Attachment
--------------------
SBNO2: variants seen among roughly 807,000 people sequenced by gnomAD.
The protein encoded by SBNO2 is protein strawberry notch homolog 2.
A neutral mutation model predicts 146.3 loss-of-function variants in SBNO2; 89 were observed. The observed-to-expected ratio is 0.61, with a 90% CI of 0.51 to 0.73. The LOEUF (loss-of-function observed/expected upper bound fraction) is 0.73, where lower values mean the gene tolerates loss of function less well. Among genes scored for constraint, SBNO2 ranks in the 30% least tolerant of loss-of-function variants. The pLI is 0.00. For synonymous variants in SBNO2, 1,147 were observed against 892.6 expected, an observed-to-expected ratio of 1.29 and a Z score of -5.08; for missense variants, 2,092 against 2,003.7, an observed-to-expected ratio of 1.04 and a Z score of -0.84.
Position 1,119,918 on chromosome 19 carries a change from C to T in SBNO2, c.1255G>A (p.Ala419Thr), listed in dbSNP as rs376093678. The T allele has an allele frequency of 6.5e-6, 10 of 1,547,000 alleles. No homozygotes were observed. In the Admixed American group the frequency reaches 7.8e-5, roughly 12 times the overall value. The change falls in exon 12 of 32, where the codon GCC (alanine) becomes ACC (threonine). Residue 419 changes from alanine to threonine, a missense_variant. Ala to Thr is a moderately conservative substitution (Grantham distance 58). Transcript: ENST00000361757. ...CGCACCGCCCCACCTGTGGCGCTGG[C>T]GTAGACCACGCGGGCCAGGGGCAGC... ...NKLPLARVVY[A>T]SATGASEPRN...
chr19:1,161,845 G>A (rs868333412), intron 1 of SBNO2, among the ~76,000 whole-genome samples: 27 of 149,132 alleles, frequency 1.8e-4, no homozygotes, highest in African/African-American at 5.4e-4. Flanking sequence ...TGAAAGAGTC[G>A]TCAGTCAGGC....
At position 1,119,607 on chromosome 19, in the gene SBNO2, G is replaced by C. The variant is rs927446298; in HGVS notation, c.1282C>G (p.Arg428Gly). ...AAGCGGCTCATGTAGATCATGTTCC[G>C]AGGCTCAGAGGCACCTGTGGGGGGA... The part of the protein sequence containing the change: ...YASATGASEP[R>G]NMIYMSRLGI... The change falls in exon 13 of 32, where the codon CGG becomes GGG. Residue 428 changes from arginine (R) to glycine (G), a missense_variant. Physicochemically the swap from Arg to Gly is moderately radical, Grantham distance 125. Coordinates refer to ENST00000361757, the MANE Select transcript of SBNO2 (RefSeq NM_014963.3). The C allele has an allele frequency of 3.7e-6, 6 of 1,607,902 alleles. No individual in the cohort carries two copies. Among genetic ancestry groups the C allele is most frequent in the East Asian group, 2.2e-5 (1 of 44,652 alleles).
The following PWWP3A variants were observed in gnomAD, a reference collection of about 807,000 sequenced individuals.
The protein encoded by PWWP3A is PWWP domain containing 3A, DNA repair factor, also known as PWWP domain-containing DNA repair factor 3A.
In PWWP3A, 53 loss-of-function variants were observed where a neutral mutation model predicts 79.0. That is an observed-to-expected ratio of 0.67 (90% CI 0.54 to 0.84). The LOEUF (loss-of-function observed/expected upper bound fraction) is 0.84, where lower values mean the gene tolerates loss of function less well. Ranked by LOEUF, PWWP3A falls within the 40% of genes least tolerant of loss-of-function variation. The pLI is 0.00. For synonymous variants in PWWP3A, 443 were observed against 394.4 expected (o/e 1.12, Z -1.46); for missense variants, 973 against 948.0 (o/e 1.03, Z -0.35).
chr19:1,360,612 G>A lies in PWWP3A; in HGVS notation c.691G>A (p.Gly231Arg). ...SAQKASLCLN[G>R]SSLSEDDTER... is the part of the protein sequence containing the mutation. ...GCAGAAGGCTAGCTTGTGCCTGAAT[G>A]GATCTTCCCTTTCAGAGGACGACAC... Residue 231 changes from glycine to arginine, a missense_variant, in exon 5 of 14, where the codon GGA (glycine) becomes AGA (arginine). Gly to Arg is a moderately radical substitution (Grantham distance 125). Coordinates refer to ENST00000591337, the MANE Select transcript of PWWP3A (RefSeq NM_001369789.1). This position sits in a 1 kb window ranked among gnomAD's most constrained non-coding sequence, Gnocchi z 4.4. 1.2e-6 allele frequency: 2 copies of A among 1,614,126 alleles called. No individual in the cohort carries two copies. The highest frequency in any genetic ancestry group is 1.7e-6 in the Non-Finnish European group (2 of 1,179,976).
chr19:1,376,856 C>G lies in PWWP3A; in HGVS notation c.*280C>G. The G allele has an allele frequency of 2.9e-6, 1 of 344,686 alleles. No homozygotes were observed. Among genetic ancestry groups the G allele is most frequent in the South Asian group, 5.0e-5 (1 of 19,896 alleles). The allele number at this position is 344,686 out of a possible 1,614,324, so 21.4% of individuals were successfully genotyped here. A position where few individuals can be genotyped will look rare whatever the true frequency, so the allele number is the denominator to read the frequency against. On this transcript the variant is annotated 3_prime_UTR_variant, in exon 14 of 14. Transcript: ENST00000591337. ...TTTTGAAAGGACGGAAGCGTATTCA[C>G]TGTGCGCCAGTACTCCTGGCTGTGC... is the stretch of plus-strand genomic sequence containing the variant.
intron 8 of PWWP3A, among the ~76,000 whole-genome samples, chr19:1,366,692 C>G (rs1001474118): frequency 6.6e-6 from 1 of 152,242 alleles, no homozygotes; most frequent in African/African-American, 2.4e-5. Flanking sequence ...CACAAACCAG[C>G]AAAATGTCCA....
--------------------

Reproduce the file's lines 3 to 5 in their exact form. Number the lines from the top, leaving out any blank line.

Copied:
A neutral mutation model predicts 146.3 loss-of-function variants in SBNO2; 89 were observed. The observed-to-expected ratio is 0.61, with a 90% CI of 0.51 to 0.73. The LOEUF (loss-of-function observed/expected upper bound fraction) is 0.73, where lower values mean the gene tolerates loss of function less well. Among genes scored for constraint, SBNO2 ranks in the 30% least tolerant of loss-of-function variants. The pLI is 0.00. For synonymous variants in SBNO2, 1,147 were observed against 892.6 expected, an observed-to-expected ratio of 1.29 and a Z score of -5.08; for missense variants, 2,092 against 2,003.7, an observed-to-expected ratio of 1.04 and a Z score of -0.84.
Position 1,119,918 on chromosome 19 carries a change from C to T in SBNO2, c.1255G>A (p.Ala419Thr), listed in dbSNP as rs376093678. The T allele has an allele frequency of 6.5e-6, 10 of 1,547,000 alleles. No homozygotes were observed. In the Admixed American group the frequency reaches 7.8e-5, roughly 12 times the overall value. The change falls in exon 12 of 32, where the codon GCC (alanine) becomes ACC (threonine). Residue 419 changes from alanine to threonine, a missense_variant. Ala to Thr is a moderately conservative substitution (Grantham distance 58). Transcript: ENST00000361757. ...CGCACCGCCCCACCTGTGGCGCTGG[C>T]GTAGACCACGCGGGCCAGGGGCAGC... ...NKLPLARVVY[A>T]SATGASEPRN...
chr19:1,161,845 G>A (rs868333412), intron 1 of SBNO2, among the ~76,000 whole-genome samples: 27 of 149,132 alleles, frequency 1.8e-4, no homozygotes, highest in African/African-American at 5.4e-4. Flanking sequence ...TGAAAGAGTC[G>A]TCAGTCAGGC....